WEST ATLANTA, GA.-Fulton Industrial is quiet lately with the redevelopment and cleanup efforts by the Boulevard Community Improvement District. However, a political fight is quietly brewing along the corridor.
The corridor, once unwanted by businesses and governments is the highly desired choice for annexation. The cities of Atlanta and South Fulton both say they want it. A proposed referendum presented by Rep. Roger Bruce (D-South Fulton) passed the General Assembly but was vetoed by Gov. Nathan Deal.
“There has been continued debate between the City of Atlanta and the City of South Fulton as to which city this district should belong, the cities, and property owners involved though, need first to agree to determine the future of Fulton Industrial,” Deal said previously.
Rep. Debra Bazemore (D-South Fulton), chairwoman of the South Fulton Delegation states she will introduce legislation again seeking to bring the district into the city. She also reminded the public that South Fulton is viable with or without Fulton Industrial.
“If acquired, Fulton Industrial brings an additional $1.4 million in revenue for the city,” she said previously.
In 2015, Atlanta attempted to annex donated property at 711 Fulton Industrial Boulevard, a former SunTrust Bank branch. The city sued, and initially, Fulton County Superior Court ruled that the restriction was unconstitutional. Fulton County appealed and won in the Georgia Supreme Court that indicated since Atlanta did not annex the property through council action, it deemed it was not injured and therefore had no standing. The court also accused Atlanta of treating the court system as counsel instead of coming with an alleged injury.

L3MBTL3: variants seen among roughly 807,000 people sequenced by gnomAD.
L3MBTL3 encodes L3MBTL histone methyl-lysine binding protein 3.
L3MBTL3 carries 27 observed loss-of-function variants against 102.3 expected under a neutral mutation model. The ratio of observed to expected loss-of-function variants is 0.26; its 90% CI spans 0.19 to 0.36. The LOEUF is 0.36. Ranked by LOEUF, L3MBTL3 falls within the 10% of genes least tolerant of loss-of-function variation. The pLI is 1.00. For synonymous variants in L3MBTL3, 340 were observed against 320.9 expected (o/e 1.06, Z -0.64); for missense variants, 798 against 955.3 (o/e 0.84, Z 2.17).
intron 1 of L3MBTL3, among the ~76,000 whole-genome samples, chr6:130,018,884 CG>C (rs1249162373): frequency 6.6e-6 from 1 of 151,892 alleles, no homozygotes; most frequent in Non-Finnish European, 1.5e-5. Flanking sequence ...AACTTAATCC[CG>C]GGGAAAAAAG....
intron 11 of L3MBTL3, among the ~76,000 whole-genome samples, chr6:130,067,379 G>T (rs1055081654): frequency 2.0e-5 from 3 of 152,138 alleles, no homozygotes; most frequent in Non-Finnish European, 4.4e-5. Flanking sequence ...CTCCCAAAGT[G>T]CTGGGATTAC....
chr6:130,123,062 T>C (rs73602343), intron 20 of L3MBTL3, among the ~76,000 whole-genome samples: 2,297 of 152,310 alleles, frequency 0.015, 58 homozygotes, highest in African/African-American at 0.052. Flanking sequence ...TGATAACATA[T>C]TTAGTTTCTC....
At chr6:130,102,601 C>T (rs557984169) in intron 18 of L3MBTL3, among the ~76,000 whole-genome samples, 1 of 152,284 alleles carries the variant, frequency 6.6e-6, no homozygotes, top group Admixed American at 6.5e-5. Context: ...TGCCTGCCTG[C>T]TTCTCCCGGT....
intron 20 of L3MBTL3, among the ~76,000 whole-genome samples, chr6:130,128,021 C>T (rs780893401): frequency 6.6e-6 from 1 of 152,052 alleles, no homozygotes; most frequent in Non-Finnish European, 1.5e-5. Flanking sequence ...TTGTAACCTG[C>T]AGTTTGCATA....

Atlanta moved forward with renovations of the property with plans to house operations of the Atlanta Police Department on site.
Fast forward to earlier this month, Atlanta filed an annexation petition to obtain their property.
Atlanta proposes keeping the heavy industrial zoning, and land use designation of industrial is consistent with current county zoning and land use. Based on the annexation code, the county found no basis on annexation law to object. However, the area is within the Fulton County Industrial District which is protected from annexation from any city.
Deputy County Attorney Jerolyn Ferrari reminded the Board of Commissioners that no annexations could take place on the corridor.
“The 1979 local constitutional amendment does insulate the area from annexation. While there are no ordinary land use objections, we do want to preserve the county’s right to contest the validity of the annexation,” she explained. “We have general annexation laws for entities to use but we have a local constitutional amendment enacted that was carried forward when the 1983 constitution was amended.”
Commissioners expressed concern over the proposed annexation petition and acknowledged they could end up in court over such.
“We discussed this item many times, and I recognize it’s a constitutional argument,” Interim Commission Chairman Bob Ellis said.
At press time, Atlanta’s next steps are unknown concerning moving forward. If the city wanted to move forward with annexation, it would have to be approved by various council committees and the full council with the mayor’s signature.
Ferrari anticipated litigation soon over this matter.
“There’s the potential for litigation either started by the county or another party. I believe that it’s anticipated,” she concluded.